So I’m ambling down towards the Batalla de Salado a few days ago, all headphones and shades, when one of those hoppy things (cricket, grasshopper, whatever) collides with the side of my face. I wouldn’t think anything of it, to be honest, if it wasn’t the size of a trout; as it is I almost fall over.
Hours later, I will still be reeling.
By the time I recover awareness of my surroundings sufficiently to continue on my way, I am in the middle of a pedestrian crossing and surrounded by tooting car horns.
I’ll be on the alert from now on, I’ll tell you that.
It was flying, actually; not hopping. It had these ridiculously under-sized wings that just about kept it airborne, though not in a dignified way. I doubt it chose to smack me in the face. It didn’t really look like it had a great many choices at its disposal, trajectory wise.
Here’s a question. It’s for both creationists and evolutionists. Play nice, though.
Anyway, it’s this; what is the point of something being able to fly if it isn’t able to fly properly. What kind of evolutionary caprice or divine mischief is at work when an insect is granted the gift of take-off but not the ability to land. Or an insect that is bestowed both gifts – take-off and landing – but can’t fly straight.
We’ve all seem them. Some of us have been punched in the face by them. Grasshoppery type things, big fat beetles that bang into walls, daddy long-legs; they’re all…well they’re all a bit shit, aren’t they?
What is the point?
It won’t be flying around today. I’m safe today. The wind is back in full force and nothing is airborne if it knows what’s good for it. On top of that we’re in the house, not going anywhere in this hair dryer of a day.
It’s the third day of levante. Like any two responsible adults who’ve been holed up indoors for longer than they are accustomed to, we’ve been bickering like children. The cat must be wondering what’s going on. Mind you, he hasn’t been quite right himself; the wind has given him a distinct case of the jitters.
It gets to everyone, one way or another. K and I have struggled to be civil at times.
“What the hell is the matter with you?” Her eyes are a little wild, a little wired.
“You’re so tense! I just don’t know what to do with you at the moment. Why are you so tense?” she yelps at me, nostrils flared. I think I can see steam coming out of her ears.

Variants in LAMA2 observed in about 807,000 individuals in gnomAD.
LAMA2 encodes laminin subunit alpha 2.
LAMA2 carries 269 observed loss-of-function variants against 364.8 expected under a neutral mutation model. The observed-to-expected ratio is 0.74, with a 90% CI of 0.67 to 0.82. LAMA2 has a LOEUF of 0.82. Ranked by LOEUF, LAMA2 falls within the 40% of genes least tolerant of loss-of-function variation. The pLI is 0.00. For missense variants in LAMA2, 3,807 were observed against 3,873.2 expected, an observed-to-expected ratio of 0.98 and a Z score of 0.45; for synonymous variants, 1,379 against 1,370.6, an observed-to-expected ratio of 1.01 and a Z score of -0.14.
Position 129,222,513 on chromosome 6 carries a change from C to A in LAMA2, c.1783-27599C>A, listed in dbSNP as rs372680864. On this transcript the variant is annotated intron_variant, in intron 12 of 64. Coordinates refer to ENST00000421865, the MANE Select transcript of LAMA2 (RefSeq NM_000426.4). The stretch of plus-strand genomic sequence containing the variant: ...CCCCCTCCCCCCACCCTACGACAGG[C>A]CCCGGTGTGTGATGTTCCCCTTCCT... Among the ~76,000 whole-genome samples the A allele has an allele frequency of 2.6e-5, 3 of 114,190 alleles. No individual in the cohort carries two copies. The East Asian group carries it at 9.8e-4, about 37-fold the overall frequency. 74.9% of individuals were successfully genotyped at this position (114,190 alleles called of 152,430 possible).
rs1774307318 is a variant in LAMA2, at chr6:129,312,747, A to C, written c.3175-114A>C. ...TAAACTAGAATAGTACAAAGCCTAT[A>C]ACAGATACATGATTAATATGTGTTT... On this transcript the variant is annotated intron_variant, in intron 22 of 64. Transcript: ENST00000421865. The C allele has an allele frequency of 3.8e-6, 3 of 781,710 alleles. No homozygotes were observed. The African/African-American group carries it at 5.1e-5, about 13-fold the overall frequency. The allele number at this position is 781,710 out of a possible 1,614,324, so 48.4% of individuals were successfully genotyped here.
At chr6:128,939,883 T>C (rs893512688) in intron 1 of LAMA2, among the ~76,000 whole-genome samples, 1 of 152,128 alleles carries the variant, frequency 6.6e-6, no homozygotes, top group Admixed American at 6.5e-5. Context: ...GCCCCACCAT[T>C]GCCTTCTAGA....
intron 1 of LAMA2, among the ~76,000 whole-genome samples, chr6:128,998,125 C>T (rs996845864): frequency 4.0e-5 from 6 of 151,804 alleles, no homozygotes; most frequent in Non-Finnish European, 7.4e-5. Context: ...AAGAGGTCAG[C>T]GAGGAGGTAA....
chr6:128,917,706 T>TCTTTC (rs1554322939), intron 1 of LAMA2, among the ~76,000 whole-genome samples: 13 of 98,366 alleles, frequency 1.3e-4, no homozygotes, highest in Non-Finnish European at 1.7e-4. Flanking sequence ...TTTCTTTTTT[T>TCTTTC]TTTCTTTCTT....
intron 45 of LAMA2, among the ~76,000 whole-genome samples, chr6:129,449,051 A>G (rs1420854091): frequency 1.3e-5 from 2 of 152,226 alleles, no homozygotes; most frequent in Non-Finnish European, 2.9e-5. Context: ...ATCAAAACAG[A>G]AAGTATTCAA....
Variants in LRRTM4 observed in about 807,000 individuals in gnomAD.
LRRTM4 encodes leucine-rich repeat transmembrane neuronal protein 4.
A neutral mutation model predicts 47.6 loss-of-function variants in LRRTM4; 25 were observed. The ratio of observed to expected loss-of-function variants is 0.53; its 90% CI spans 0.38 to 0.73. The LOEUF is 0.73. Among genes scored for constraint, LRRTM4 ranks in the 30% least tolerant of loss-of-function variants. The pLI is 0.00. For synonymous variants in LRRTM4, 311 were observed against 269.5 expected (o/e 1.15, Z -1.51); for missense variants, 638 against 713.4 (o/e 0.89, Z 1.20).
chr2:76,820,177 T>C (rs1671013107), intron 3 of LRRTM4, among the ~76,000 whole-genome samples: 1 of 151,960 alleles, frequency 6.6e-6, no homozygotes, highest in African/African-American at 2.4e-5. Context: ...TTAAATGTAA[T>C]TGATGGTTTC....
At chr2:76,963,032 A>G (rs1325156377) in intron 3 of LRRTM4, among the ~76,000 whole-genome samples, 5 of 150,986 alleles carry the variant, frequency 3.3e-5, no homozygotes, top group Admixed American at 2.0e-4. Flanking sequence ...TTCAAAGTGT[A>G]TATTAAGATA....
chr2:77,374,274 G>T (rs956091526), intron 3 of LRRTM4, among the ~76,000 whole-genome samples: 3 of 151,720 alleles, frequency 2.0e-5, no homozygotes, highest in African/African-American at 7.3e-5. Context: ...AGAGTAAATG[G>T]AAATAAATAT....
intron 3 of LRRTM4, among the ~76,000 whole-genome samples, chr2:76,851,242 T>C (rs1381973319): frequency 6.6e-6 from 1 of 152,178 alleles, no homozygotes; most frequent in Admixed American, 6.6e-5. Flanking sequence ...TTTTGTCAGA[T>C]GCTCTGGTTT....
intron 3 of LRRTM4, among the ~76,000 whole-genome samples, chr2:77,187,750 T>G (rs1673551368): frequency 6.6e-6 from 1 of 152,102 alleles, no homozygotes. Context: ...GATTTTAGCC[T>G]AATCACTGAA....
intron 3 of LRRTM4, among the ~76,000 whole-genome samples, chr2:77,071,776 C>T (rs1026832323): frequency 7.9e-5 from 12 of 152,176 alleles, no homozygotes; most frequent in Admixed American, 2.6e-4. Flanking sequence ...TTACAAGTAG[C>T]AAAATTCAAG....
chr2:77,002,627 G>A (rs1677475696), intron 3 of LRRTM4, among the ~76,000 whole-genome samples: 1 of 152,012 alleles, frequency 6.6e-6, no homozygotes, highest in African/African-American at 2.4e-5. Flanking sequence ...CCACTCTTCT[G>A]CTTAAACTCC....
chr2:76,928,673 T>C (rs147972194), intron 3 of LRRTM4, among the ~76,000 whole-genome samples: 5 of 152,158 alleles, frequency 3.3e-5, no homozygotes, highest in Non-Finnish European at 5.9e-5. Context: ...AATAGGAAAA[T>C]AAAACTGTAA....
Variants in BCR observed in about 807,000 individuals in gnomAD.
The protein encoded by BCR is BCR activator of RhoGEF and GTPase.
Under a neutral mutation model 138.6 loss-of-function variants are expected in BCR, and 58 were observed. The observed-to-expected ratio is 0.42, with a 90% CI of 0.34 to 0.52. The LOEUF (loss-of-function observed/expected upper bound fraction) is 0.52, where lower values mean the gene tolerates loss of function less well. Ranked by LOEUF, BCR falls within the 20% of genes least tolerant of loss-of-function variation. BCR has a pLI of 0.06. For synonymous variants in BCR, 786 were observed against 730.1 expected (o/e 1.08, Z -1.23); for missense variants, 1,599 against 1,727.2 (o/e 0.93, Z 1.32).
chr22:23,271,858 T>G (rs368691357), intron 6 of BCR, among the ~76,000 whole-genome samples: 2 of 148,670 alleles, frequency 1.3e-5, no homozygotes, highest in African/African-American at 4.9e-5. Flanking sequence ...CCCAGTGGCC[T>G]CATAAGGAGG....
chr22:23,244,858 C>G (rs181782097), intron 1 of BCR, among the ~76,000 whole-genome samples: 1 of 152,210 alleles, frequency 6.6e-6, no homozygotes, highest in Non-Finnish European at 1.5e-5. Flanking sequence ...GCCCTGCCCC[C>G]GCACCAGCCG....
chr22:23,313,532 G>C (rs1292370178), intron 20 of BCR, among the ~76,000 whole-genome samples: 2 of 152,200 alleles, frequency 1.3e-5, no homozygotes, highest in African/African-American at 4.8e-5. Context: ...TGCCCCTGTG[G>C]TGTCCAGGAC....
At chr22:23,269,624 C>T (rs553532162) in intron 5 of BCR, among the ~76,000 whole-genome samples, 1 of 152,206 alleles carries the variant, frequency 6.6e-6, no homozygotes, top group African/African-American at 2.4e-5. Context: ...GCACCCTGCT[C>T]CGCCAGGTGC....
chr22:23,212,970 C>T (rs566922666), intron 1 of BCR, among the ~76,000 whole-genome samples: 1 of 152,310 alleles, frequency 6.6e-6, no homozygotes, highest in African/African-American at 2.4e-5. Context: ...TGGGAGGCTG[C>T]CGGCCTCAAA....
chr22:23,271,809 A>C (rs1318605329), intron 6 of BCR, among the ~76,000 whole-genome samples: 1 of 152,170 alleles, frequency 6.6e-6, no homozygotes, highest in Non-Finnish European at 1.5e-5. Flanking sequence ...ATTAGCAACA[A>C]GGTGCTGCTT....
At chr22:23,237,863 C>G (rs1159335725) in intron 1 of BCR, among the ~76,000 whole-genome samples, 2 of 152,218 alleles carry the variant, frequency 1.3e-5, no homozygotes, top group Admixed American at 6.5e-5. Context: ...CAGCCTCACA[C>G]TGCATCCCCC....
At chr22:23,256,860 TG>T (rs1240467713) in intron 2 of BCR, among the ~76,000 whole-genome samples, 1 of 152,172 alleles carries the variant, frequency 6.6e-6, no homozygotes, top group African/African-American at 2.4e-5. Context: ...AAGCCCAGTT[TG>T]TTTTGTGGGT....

“Maybe it’s because you’ve looked so pretty recently” I quip, trying to lighten the mood, “Maybe I’m tense because you always get to be the pretty one.”
“And the clever one. Yes, it must be difficult for you.”
Then she pouts. She’s a great pouter – one of the best. I desperately want to get on with the-thing-I-am-getting-on-with but I can’t resist a pout.
“You’re not old.”
“I am old! I was looking at those photos of us in Israel yesterday. That was five years ago. Five years!”
“You look better than that now. You look younger than you did five years ago.”
A brief pause while she absorbs the suggestion.
Not an easy opponent to spar with. And not an easy person to make sense of at times. A few days ago she matter-of-factly informed me (I forget the context) that she wasn’t all that keen on trees.
Not keen on trees! What have I gotten myself engaged to? The apocalypse??
It’s a word that comes to mind easily on a windy Tarifa day. And oh, what timing! My family is about to descend on us over the next couple of weeks and we’ll have the first of them as house guests in just a couple of days. I’ve been busy in the garden and on the patio, planting aromatic herbs, bougainvillea and shovelling the cat shit away.
I had visions of greeting them on the patio when they arrived, sitting in a sensory explosion of blossom and scent. I’d be at my laptop in some kind of smoking jacket.
“Welcome, welcome,” I would intone, “to our little haven. Please, do help yourself to some tinto de verano,” I would gesture towards the pitcher and the iced glasses. “I’ll be with you just the moment I’ve polished off this novella.”
It isn’t going to be like that. The front garden is a mess of leaves, junk mail and ice-cream wrappers. A few very frazzled looking stray cats are taking shelter in the corner. When they aren’t mewling they are defecating.
We’ve had to put some of the patio plants in the shed to protect them. For others it is already too late; the wind has snapped their spines. Maybe it’s a good thing. Not the broken plants – they cost me four euros. Each. But the fact that the wind has come to blow away my pretension. They’ll just have to take us as we come; slightly dishevelled and wild-eyed. The explosion of colour has been temporarily packed away. At least they’ll get some scent; a tom cat has been spraying our front door.
I don’t suppose we ever get to choose how we are seen, especially by our nearest and dearest. We construct comforting fictions as we go along, trying to beat a path through all the bluster. Then the fictions crumble or are blown away.
There are times when it appears that we don’t have all that many choices at our disposal, trajectory wise, but if we are lucky enough to be able to choose between being the grasshopper or the face it smacks, then better to be the bug.
Just about airborne, though not in a dignified way.Follow @RobinJGraham